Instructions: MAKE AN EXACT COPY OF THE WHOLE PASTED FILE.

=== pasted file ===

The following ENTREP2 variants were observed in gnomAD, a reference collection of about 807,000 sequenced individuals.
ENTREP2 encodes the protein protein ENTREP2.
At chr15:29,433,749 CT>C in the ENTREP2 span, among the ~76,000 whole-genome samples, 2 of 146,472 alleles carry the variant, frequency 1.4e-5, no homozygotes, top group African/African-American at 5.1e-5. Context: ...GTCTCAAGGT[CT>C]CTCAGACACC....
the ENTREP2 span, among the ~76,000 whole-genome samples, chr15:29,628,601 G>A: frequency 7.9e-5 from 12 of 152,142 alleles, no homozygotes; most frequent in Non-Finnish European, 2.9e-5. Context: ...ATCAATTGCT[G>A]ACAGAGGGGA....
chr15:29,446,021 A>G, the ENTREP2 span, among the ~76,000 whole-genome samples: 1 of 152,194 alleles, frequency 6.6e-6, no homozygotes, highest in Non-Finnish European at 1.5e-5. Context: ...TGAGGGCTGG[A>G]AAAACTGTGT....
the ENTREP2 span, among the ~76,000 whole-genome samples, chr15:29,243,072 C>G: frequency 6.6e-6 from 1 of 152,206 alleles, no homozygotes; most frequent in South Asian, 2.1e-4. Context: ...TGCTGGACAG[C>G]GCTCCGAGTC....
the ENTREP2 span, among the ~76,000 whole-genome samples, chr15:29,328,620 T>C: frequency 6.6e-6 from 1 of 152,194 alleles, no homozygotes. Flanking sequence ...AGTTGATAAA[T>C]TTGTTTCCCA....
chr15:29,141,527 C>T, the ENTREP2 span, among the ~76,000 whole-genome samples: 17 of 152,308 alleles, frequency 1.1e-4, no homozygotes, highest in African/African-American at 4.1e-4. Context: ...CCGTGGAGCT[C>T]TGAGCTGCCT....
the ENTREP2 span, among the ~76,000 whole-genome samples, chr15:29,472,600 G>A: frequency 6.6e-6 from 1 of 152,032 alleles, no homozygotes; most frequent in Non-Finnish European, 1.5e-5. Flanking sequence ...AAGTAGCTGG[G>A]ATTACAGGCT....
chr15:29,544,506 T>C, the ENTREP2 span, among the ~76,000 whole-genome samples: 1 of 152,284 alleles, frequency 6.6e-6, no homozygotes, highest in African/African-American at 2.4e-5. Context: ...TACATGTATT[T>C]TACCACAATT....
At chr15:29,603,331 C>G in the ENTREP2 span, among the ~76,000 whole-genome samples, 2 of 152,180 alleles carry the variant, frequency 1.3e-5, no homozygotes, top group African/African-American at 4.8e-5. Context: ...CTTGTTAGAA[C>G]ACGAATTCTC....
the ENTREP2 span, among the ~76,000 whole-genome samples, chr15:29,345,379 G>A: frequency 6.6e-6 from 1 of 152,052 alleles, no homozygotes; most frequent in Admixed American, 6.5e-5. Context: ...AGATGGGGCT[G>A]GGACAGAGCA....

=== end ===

The following ENTREP2 variants were observed in gnomAD, a reference collection of about 807,000 sequenced individuals.
ENTREP2 encodes the protein protein ENTREP2.
At chr15:29,433,749 CT>C in the ENTREP2 span, among the ~76,000 whole-genome samples, 2 of 146,472 alleles carry the variant, frequency 1.4e-5, no homozygotes, top group African/African-American at 5.1e-5. Context: ...GTCTCAAGGT[CT>C]CTCAGACACC....
the ENTREP2 span, among the ~76,000 whole-genome samples, chr15:29,628,601 G>A: frequency 7.9e-5 from 12 of 152,142 alleles, no homozygotes; most frequent in Non-Finnish European, 2.9e-5. Context: ...ATCAATTGCT[G>A]ACAGAGGGGA....
chr15:29,446,021 A>G, the ENTREP2 span, among the ~76,000 whole-genome samples: 1 of 152,194 alleles, frequency 6.6e-6, no homozygotes, highest in Non-Finnish European at 1.5e-5. Context: ...TGAGGGCTGG[A>G]AAAACTGTGT....
the ENTREP2 span, among the ~76,000 whole-genome samples, chr15:29,243,072 C>G: frequency 6.6e-6 from 1 of 152,206 alleles, no homozygotes; most frequent in South Asian, 2.1e-4. Context: ...TGCTGGACAG[C>G]GCTCCGAGTC....
the ENTREP2 span, among the ~76,000 whole-genome samples, chr15:29,328,620 T>C: frequency 6.6e-6 from 1 of 152,194 alleles, no homozygotes. Flanking sequence ...AGTTGATAAA[T>C]TTGTTTCCCA....
chr15:29,141,527 C>T, the ENTREP2 span, among the ~76,000 whole-genome samples: 17 of 152,308 alleles, frequency 1.1e-4, no homozygotes, highest in African/African-American at 4.1e-4. Context: ...CCGTGGAGCT[C>T]TGAGCTGCCT....
the ENTREP2 span, among the ~76,000 whole-genome samples, chr15:29,472,600 G>A: frequency 6.6e-6 from 1 of 152,032 alleles, no homozygotes; most frequent in Non-Finnish European, 1.5e-5. Flanking sequence ...AAGTAGCTGG[G>A]ATTACAGGCT....
chr15:29,544,506 T>C, the ENTREP2 span, among the ~76,000 whole-genome samples: 1 of 152,284 alleles, frequency 6.6e-6, no homozygotes, highest in African/African-American at 2.4e-5. Context: ...TACATGTATT[T>C]TACCACAATT....
At chr15:29,603,331 C>G in the ENTREP2 span, among the ~76,000 whole-genome samples, 2 of 152,180 alleles carry the variant, frequency 1.3e-5, no homozygotes, top group African/African-American at 4.8e-5. Context: ...CTTGTTAGAA[C>G]ACGAATTCTC....
the ENTREP2 span, among the ~76,000 whole-genome samples, chr15:29,345,379 G>A: frequency 6.6e-6 from 1 of 152,052 alleles, no homozygotes; most frequent in Admixed American, 6.5e-5. Context: ...AGATGGGGCT[G>A]GGACAGAGCA....